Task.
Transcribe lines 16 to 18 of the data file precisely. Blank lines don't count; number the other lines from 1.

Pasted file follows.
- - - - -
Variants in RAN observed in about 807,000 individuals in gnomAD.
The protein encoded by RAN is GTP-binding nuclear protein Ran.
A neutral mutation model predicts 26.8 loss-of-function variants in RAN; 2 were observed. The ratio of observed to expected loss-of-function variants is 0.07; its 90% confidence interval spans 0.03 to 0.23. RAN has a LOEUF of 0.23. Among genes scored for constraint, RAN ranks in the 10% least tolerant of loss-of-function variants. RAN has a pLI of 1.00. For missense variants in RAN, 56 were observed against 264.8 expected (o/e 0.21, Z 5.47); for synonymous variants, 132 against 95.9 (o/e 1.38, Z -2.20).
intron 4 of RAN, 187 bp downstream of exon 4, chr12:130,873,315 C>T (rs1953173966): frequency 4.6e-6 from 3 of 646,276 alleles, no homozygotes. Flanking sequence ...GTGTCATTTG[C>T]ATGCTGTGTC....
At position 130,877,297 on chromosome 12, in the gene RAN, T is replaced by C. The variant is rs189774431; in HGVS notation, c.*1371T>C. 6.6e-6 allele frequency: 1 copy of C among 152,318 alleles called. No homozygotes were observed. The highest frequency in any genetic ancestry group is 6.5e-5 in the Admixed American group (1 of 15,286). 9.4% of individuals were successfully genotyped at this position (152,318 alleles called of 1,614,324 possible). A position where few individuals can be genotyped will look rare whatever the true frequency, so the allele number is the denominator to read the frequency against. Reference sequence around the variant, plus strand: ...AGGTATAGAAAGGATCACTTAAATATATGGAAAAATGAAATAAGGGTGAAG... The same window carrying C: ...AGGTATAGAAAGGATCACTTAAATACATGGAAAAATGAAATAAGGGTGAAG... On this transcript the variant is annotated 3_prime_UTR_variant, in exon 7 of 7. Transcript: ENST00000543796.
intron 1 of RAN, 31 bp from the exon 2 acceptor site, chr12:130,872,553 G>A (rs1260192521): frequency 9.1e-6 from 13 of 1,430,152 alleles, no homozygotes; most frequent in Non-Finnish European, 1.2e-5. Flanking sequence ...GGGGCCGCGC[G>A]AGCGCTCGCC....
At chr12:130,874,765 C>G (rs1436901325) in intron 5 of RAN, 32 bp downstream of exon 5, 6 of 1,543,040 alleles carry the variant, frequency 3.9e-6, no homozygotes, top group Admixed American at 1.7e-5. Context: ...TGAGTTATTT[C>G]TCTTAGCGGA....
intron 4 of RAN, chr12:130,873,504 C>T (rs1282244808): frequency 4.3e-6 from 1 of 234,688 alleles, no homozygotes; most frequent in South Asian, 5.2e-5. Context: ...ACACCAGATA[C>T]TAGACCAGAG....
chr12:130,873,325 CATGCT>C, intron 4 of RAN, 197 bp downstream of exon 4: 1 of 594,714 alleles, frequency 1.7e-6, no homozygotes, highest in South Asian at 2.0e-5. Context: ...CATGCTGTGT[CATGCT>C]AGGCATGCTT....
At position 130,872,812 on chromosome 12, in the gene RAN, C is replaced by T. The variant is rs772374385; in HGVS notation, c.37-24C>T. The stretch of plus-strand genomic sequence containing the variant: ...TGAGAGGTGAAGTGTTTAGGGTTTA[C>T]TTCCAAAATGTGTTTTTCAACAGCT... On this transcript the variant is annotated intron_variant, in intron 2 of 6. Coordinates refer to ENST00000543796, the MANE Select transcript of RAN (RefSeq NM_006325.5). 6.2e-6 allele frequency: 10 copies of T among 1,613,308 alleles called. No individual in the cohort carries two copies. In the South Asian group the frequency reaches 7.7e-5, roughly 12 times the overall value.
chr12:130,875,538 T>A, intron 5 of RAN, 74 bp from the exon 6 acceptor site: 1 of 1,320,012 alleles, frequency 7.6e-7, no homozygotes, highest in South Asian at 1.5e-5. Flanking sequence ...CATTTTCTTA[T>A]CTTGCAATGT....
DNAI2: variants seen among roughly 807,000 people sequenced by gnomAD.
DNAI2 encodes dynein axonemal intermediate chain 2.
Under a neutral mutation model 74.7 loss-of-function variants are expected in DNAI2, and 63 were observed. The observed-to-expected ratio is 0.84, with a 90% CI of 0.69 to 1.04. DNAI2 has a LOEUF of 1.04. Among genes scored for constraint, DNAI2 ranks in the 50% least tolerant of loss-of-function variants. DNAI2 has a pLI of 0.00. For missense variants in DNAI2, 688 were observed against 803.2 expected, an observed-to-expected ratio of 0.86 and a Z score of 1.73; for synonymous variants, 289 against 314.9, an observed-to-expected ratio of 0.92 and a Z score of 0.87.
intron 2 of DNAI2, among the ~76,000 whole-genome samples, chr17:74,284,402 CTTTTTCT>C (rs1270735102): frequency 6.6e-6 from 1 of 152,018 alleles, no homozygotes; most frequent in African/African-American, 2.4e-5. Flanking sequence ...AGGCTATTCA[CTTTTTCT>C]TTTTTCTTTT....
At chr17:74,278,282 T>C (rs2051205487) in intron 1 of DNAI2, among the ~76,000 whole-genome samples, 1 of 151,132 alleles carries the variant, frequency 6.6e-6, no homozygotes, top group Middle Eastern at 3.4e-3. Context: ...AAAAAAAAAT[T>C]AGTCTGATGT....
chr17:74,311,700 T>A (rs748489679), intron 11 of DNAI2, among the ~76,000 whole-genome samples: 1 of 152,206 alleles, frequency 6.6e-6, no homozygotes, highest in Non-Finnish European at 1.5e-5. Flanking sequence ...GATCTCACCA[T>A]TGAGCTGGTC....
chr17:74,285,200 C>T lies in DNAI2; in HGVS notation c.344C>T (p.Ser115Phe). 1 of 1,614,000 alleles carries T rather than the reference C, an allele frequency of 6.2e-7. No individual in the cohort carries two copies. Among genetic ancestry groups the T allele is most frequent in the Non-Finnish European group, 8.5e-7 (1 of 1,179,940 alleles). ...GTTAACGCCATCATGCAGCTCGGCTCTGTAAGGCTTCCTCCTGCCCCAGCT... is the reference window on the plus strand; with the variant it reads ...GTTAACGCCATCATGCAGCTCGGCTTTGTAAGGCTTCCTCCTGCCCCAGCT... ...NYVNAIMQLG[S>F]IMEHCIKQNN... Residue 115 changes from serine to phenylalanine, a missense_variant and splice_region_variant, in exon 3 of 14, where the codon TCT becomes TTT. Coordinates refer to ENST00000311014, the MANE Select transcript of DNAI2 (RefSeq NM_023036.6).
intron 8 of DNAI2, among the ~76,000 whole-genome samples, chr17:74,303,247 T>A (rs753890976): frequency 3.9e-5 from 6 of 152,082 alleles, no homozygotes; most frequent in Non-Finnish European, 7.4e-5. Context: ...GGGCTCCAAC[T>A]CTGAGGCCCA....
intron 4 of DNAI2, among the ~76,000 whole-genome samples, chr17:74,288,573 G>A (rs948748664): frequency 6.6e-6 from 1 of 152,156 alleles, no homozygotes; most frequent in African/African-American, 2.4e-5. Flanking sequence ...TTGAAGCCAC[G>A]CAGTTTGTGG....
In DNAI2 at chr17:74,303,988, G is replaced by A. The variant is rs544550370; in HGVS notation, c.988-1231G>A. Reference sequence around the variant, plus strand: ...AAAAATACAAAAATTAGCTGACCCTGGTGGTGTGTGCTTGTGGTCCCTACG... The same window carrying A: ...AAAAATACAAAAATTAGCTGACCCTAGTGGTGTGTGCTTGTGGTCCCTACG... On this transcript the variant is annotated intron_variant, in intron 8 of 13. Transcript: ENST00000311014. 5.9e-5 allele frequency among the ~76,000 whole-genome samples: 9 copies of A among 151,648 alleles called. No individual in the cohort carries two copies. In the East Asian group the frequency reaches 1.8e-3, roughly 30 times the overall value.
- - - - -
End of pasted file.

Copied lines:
At chr17:74,278,282 T>C (rs2051205487) in intron 1 of DNAI2, among the ~76,000 whole-genome samples, 1 of 151,132 alleles carries the variant, frequency 6.6e-6, no homozygotes, top group Middle Eastern at 3.4e-3. Context: ...AAAAAAAAAT[T>C]AGTCTGATGT....
chr17:74,311,700 T>A (rs748489679), intron 11 of DNAI2, among the ~76,000 whole-genome samples: 1 of 152,206 alleles, frequency 6.6e-6, no homozygotes, highest in Non-Finnish European at 1.5e-5. Flanking sequence ...GATCTCACCA[T>A]TGAGCTGGTC....
chr17:74,285,200 C>T lies in DNAI2; in HGVS notation c.344C>T (p.Ser115Phe). 1 of 1,614,000 alleles carries T rather than the reference C, an allele frequency of 6.2e-7. No individual in the cohort carries two copies. Among genetic ancestry groups the T allele is most frequent in the Non-Finnish European group, 8.5e-7 (1 of 1,179,940 alleles). ...GTTAACGCCATCATGCAGCTCGGCTCTGTAAGGCTTCCTCCTGCCCCAGCT... is the reference window on the plus strand; with the variant it reads ...GTTAACGCCATCATGCAGCTCGGCTTTGTAAGGCTTCCTCCTGCCCCAGCT... ...NYVNAIMQLG[S>F]IMEHCIKQNN... Residue 115 changes from serine to phenylalanine, a missense_variant and splice_region_variant, in exon 3 of 14, where the codon TCT becomes TTT. Coordinates refer to ENST00000311014, the MANE Select transcript of DNAI2 (RefSeq NM_023036.6).